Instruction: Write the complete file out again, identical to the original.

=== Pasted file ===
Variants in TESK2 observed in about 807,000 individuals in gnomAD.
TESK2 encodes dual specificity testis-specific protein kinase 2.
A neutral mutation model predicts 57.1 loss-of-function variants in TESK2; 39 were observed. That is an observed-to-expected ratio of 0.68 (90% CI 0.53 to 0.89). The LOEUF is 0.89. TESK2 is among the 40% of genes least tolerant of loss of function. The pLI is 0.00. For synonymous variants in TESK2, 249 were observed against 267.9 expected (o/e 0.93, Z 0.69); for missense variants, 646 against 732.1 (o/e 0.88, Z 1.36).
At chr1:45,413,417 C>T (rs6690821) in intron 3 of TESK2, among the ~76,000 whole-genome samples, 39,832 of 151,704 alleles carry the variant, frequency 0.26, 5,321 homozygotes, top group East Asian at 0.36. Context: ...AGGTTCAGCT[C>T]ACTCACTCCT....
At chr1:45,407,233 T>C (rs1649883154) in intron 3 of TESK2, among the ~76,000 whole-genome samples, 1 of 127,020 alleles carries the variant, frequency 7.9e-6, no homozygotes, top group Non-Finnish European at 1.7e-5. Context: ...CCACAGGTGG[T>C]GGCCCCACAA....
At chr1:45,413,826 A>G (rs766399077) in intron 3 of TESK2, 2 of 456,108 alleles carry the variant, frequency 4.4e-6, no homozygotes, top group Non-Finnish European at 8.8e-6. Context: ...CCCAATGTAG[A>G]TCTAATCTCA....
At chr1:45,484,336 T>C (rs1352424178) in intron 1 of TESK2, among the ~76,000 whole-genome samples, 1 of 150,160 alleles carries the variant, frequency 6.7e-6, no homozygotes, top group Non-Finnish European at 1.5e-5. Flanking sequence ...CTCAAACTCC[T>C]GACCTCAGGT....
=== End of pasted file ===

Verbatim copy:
Variants in TESK2 observed in about 807,000 individuals in gnomAD.
TESK2 encodes dual specificity testis-specific protein kinase 2.
A neutral mutation model predicts 57.1 loss-of-function variants in TESK2; 39 were observed. That is an observed-to-expected ratio of 0.68 (90% CI 0.53 to 0.89). The LOEUF is 0.89. TESK2 is among the 40% of genes least tolerant of loss of function. The pLI is 0.00. For synonymous variants in TESK2, 249 were observed against 267.9 expected (o/e 0.93, Z 0.69); for missense variants, 646 against 732.1 (o/e 0.88, Z 1.36).
At chr1:45,413,417 C>T (rs6690821) in intron 3 of TESK2, among the ~76,000 whole-genome samples, 39,832 of 151,704 alleles carry the variant, frequency 0.26, 5,321 homozygotes, top group East Asian at 0.36. Context: ...AGGTTCAGCT[C>T]ACTCACTCCT....
At chr1:45,407,233 T>C (rs1649883154) in intron 3 of TESK2, among the ~76,000 whole-genome samples, 1 of 127,020 alleles carries the variant, frequency 7.9e-6, no homozygotes, top group Non-Finnish European at 1.7e-5. Context: ...CCACAGGTGG[T>C]GGCCCCACAA....
At chr1:45,413,826 A>G (rs766399077) in intron 3 of TESK2, 2 of 456,108 alleles carry the variant, frequency 4.4e-6, no homozygotes, top group Non-Finnish European at 8.8e-6. Context: ...CCCAATGTAG[A>G]TCTAATCTCA....
At chr1:45,484,336 T>C (rs1352424178) in intron 1 of TESK2, among the ~76,000 whole-genome samples, 1 of 150,160 alleles carries the variant, frequency 6.7e-6, no homozygotes, top group Non-Finnish European at 1.5e-5. Flanking sequence ...CTCAAACTCC[T>C]GACCTCAGGT....